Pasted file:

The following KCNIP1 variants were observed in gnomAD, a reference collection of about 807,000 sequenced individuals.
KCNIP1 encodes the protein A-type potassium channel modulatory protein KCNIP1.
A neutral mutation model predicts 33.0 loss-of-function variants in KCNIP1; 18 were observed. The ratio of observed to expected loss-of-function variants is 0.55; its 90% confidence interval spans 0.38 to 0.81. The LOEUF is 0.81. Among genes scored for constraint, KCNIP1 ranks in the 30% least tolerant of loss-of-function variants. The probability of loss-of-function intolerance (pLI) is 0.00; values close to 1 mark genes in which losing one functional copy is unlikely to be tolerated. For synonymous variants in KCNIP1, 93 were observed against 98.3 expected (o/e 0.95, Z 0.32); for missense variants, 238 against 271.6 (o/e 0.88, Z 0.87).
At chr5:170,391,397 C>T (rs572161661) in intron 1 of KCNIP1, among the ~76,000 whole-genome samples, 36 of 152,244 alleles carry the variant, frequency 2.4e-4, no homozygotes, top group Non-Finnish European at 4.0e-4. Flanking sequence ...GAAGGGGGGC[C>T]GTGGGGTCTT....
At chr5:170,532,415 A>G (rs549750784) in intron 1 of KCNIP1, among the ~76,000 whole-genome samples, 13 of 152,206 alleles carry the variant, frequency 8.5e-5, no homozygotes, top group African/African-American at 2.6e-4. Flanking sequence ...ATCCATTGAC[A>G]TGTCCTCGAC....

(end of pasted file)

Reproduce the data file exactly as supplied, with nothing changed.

The following KCNIP1 variants were observed in gnomAD, a reference collection of about 807,000 sequenced individuals.
KCNIP1 encodes the protein A-type potassium channel modulatory protein KCNIP1.
A neutral mutation model predicts 33.0 loss-of-function variants in KCNIP1; 18 were observed. The ratio of observed to expected loss-of-function variants is 0.55; its 90% confidence interval spans 0.38 to 0.81. The LOEUF is 0.81. Among genes scored for constraint, KCNIP1 ranks in the 30% least tolerant of loss-of-function variants. The probability of loss-of-function intolerance (pLI) is 0.00; values close to 1 mark genes in which losing one functional copy is unlikely to be tolerated. For synonymous variants in KCNIP1, 93 were observed against 98.3 expected (o/e 0.95, Z 0.32); for missense variants, 238 against 271.6 (o/e 0.88, Z 0.87).
At chr5:170,391,397 C>T (rs572161661) in intron 1 of KCNIP1, among the ~76,000 whole-genome samples, 36 of 152,244 alleles carry the variant, frequency 2.4e-4, no homozygotes, top group Non-Finnish European at 4.0e-4. Flanking sequence ...GAAGGGGGGC[C>T]GTGGGGTCTT....
At chr5:170,532,415 A>G (rs549750784) in intron 1 of KCNIP1, among the ~76,000 whole-genome samples, 13 of 152,206 alleles carry the variant, frequency 8.5e-5, no homozygotes, top group African/African-American at 2.6e-4. Flanking sequence ...ATCCATTGAC[A>G]TGTCCTCGAC....